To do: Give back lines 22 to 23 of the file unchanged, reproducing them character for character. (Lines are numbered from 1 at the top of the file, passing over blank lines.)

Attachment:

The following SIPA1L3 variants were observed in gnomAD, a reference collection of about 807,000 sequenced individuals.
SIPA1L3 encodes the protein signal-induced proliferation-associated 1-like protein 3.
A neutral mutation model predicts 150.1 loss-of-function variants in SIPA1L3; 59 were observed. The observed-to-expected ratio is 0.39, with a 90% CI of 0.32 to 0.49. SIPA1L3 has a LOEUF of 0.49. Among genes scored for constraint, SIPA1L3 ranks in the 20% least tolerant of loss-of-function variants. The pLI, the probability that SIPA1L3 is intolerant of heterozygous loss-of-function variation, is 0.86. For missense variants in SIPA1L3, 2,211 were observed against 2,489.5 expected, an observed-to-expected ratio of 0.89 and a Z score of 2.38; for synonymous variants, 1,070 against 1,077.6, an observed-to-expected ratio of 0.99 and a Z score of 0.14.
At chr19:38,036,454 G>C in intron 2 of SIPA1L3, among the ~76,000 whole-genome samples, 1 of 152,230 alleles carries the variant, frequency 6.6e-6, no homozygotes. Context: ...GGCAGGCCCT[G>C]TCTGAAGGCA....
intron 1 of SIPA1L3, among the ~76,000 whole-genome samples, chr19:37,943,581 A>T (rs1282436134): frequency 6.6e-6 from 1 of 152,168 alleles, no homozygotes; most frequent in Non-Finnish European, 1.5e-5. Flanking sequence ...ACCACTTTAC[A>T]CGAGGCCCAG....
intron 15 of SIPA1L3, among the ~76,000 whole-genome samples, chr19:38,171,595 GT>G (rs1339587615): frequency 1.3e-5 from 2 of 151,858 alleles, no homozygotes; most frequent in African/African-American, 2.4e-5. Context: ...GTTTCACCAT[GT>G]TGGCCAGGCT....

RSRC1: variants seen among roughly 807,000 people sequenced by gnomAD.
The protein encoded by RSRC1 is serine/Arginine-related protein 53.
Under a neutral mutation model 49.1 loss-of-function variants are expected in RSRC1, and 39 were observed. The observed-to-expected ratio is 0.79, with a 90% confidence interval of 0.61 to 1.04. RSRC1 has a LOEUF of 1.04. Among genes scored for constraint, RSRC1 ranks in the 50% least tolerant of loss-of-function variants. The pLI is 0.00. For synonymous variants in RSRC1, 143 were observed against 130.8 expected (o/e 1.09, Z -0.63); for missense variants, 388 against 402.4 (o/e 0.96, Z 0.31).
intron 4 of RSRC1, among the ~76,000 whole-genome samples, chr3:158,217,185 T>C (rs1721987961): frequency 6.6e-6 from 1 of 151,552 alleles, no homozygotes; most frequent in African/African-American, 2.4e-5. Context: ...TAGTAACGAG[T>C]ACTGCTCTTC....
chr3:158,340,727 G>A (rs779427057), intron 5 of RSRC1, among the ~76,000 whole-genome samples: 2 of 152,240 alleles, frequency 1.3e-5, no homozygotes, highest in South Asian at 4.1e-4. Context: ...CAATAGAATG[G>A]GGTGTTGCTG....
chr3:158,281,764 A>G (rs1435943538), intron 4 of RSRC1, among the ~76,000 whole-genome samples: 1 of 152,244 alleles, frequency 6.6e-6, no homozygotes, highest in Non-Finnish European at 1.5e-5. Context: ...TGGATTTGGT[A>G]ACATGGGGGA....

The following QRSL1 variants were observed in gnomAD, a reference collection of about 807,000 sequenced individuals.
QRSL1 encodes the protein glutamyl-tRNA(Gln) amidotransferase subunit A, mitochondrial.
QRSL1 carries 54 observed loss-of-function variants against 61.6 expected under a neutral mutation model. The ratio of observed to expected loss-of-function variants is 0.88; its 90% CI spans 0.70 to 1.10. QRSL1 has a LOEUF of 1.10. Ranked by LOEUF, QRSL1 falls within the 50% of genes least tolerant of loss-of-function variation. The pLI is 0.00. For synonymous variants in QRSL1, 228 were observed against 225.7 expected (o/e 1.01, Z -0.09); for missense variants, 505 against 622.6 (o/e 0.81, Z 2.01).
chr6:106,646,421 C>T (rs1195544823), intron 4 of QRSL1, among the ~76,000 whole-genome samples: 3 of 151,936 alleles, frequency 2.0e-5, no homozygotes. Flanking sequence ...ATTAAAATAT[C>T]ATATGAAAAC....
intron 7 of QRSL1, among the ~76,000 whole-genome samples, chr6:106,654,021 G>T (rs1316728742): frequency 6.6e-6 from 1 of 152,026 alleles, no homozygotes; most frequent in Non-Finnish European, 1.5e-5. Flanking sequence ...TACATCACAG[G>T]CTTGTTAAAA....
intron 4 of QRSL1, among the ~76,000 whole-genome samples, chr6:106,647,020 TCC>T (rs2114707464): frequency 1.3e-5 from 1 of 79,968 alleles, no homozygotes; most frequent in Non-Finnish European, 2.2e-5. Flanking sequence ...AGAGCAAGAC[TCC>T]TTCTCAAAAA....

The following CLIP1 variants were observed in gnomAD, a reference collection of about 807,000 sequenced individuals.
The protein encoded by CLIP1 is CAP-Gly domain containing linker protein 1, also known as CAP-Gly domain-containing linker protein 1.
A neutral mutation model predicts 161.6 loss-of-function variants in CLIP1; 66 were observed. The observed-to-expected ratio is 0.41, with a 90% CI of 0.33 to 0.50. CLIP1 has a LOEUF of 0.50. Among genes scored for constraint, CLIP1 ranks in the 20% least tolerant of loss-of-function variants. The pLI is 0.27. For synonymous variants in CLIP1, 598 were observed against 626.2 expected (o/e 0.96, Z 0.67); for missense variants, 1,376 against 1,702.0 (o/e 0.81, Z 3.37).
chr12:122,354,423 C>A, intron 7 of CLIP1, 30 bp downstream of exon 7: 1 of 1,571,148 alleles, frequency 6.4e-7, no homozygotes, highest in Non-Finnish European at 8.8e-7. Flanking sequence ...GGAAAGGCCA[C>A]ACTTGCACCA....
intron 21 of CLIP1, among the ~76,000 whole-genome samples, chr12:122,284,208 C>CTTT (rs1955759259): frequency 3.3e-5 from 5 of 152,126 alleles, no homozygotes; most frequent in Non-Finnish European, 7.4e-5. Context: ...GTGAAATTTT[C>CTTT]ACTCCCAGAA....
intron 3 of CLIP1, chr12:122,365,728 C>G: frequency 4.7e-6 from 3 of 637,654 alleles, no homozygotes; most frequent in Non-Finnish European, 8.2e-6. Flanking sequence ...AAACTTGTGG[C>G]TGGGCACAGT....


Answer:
chr12:122,354,423 C>A, intron 7 of CLIP1, 30 bp downstream of exon 7: 1 of 1,571,148 alleles, frequency 6.4e-7, no homozygotes, highest in Non-Finnish European at 8.8e-7. Flanking sequence ...GGAAAGGCCA[C>A]ACTTGCACCA....
intron 21 of CLIP1, among the ~76,000 whole-genome samples, chr12:122,284,208 C>CTTT (rs1955759259): frequency 3.3e-5 from 5 of 152,126 alleles, no homozygotes; most frequent in Non-Finnish European, 7.4e-5. Context: ...GTGAAATTTT[C>CTTT]ACTCCCAGAA....